Hydrocephalus Causes, Symptoms and Treatment

Published: 13th June 2008
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Hydrocephalus is a condition in which there is too much CSF in the ventricles. This occurs when the natural system for draining and absorbing extra CSF does not work right. The ventricles enlarge to accommodate the extra fluid and then press on different parts of the brain, causing a number of different symptoms. Hydrocephalus has many different causes. Some people are born with the condition, while others develop it during their lives.

Causes

Possible etiologic factors include head injury, subarachnoid hemorrhage, meningitis, and CNS tumor. Although each of these conditions may cause hydrocephalus, how they are related to subsequent NPH is unclear.

Hydrocephalus is usually the result of a brain infection or a malformation in the fetus prior to birth. Although the baby's head may not appear abnormally large at birth, it expands rapidly from month to month. If untreated, the baby usually dies by the end of the second year. If the blockage of CSF is only partial, the child may live for a number of years or may even live a normal life span.

Hydrocephalus is due to a problem with the flow of cerebrospinal fluid (CSF), the liquid that surrounds the brain and spinal cord.CSF moves through pathways of the brain called ventricles. It also flows around the outside of the brain and through the spinal canal. Higher-than-normal amounts of CSF can occur in the brain if the flow or absorption of CSF is blocked, or if too much CSF is produced. The build up of fluid puts pressure on the brain, pushing the brain up against the skull and damaging or destroying brain tissues.

Symptoms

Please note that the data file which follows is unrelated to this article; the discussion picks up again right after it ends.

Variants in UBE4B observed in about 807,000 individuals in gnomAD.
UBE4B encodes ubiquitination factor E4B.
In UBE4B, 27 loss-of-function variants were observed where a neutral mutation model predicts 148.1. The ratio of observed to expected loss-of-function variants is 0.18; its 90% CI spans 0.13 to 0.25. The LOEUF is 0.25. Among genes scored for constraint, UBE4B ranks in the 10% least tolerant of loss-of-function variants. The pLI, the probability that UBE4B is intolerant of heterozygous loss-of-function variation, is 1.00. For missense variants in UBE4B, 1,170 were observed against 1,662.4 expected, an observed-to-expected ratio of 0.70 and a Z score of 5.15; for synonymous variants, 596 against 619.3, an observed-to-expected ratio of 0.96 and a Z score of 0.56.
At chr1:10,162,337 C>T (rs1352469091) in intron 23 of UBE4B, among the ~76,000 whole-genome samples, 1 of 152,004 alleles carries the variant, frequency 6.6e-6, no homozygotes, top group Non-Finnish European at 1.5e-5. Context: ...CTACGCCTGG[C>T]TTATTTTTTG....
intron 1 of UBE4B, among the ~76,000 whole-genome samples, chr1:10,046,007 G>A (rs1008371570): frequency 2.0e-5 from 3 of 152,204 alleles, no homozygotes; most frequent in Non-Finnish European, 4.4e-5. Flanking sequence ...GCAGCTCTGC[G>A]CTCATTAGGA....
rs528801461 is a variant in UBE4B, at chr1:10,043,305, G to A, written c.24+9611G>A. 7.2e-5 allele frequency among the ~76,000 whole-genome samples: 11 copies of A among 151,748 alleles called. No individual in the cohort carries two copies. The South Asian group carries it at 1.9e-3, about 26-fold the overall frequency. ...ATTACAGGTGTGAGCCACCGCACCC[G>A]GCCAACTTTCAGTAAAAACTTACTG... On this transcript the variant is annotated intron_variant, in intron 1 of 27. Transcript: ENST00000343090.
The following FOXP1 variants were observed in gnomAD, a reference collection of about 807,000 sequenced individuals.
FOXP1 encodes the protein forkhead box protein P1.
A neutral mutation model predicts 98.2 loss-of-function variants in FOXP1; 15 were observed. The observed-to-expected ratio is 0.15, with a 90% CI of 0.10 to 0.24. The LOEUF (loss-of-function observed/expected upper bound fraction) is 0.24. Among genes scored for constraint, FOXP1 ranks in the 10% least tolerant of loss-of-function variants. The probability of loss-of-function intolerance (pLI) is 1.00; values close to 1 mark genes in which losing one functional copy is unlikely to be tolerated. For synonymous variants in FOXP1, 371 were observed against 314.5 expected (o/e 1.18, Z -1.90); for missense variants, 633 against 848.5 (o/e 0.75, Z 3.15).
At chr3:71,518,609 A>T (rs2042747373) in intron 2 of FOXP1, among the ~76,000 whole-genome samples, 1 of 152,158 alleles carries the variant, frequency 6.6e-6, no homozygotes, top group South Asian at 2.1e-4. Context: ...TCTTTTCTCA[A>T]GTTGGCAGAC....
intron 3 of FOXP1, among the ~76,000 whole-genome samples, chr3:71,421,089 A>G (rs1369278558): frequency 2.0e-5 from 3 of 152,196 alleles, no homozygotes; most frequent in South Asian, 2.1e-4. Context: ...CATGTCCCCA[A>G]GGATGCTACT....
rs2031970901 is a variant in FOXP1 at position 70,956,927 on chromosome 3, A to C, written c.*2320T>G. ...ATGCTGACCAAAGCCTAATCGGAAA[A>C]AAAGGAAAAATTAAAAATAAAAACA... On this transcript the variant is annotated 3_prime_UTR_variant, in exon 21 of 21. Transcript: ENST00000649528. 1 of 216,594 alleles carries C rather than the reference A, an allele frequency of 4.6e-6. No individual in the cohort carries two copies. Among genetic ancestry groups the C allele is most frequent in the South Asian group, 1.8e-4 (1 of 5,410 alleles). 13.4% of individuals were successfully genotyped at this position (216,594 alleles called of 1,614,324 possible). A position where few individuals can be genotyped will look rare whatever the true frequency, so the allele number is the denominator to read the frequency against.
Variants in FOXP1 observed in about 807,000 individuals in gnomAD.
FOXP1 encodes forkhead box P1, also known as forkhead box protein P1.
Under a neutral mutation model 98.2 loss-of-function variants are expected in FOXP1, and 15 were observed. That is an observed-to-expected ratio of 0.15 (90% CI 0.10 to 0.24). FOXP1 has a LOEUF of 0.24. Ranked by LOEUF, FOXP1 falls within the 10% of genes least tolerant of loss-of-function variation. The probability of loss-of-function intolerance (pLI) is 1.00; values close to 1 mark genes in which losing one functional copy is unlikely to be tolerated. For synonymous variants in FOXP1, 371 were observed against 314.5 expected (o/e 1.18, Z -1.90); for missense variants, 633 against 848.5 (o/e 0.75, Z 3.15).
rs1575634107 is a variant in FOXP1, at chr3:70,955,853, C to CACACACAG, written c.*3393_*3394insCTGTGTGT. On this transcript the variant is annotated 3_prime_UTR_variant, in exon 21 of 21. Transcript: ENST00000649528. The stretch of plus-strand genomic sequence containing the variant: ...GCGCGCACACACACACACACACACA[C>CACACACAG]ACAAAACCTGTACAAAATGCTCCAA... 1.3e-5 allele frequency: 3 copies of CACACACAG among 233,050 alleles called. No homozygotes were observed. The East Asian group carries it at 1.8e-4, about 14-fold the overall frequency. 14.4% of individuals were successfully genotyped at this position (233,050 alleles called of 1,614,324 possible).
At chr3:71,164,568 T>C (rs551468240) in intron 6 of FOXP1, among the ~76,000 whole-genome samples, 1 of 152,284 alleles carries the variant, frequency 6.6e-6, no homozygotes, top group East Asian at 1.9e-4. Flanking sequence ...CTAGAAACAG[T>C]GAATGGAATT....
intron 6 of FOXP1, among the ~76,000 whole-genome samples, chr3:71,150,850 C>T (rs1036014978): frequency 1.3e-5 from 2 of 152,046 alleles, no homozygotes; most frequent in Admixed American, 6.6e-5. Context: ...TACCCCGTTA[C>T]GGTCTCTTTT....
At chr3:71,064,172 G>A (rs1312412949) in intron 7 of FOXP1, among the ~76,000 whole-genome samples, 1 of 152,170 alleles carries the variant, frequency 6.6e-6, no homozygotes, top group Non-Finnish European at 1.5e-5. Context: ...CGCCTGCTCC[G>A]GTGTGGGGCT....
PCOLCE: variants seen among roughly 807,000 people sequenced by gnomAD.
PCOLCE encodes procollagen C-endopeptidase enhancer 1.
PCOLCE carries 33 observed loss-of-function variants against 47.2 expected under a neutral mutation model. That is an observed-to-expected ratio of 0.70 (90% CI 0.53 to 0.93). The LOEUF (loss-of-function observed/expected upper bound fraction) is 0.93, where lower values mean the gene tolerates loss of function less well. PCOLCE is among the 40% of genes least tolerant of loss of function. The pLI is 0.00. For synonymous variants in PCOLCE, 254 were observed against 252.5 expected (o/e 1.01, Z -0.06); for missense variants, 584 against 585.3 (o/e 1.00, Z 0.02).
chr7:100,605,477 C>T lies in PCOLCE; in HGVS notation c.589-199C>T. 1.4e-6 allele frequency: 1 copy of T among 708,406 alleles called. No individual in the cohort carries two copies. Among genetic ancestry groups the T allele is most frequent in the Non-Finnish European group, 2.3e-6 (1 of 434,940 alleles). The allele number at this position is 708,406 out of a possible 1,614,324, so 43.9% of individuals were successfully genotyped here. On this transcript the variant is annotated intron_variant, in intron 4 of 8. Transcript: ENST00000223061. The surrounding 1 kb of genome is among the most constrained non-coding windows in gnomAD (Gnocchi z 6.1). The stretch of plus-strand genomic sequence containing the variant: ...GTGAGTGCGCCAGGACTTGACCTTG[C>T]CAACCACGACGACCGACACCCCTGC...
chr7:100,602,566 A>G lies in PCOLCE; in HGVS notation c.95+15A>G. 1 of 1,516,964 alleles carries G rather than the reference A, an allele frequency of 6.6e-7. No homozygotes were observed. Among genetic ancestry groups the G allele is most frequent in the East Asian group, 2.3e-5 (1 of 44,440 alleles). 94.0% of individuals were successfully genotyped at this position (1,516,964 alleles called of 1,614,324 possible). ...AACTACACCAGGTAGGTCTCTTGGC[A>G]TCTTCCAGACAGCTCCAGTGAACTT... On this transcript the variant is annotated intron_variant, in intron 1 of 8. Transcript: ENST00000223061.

Symptoms of hydrocephalus recur after successful ventriculoperitoneal (V-P) shunt placement, shunt malfunction should be suspected and evaluation for mechanical failure pursued. Catheter migration should be recognized as a correctable cause of shunt malfunction.

Hydrocephalus symptoms vary with age, disease progression, and a person's tolerance to cerebrospinal fluid (CSF). For example, an infant's ability to tolerate CSF pressure differs from an adult's. The infant skull can expand to accommodate the buildup of CSF because the sutures (the fibrous joints that connect the bones of the skull) have not yet closed.

A large head that may get bigger very quickly. Usually a baby with congenital hydrocephalus will have a noticeably bigger head than other babies the same age. A slightly bulging soft spot (fontanelle) on top of the head that doesn't go away when the baby is held upright. A baby may also have larger-than-normal areas between the skull bones.

Treatment

Surgical correction is the only treatment for hydrocephalus. Usually, such surgery consists of insertion of a ventriculoperitoneal shunt, which transports excess fluid from the lateral ventricle into the peritoneal cavity. A less common procedure is insertion of a ventriculoatrial shunt, which drains fluid from the brain's lateral ventricle into the right atrium of the heart, where the fluid makes its way into the venous circulation. Periodic lengthening of the shunt is necessary to accommodate growth in children. A clogged malfunctioning shunt will have to be replaced.

Hydrocephalus can pose risks to both mental and physical development. Many children diagnosed with the disorder benefit from rehabilitation and educational programs, and go on to lead normal lives. Don't be afraid to ask your doctors, nurses or therapists about the treatments your child will receive. If treatment includes medication, be sure your child takes it exactly as your doctor has ordered. And remember to bring your child to all follow-up appointments requested by our doctors or other medical staff.


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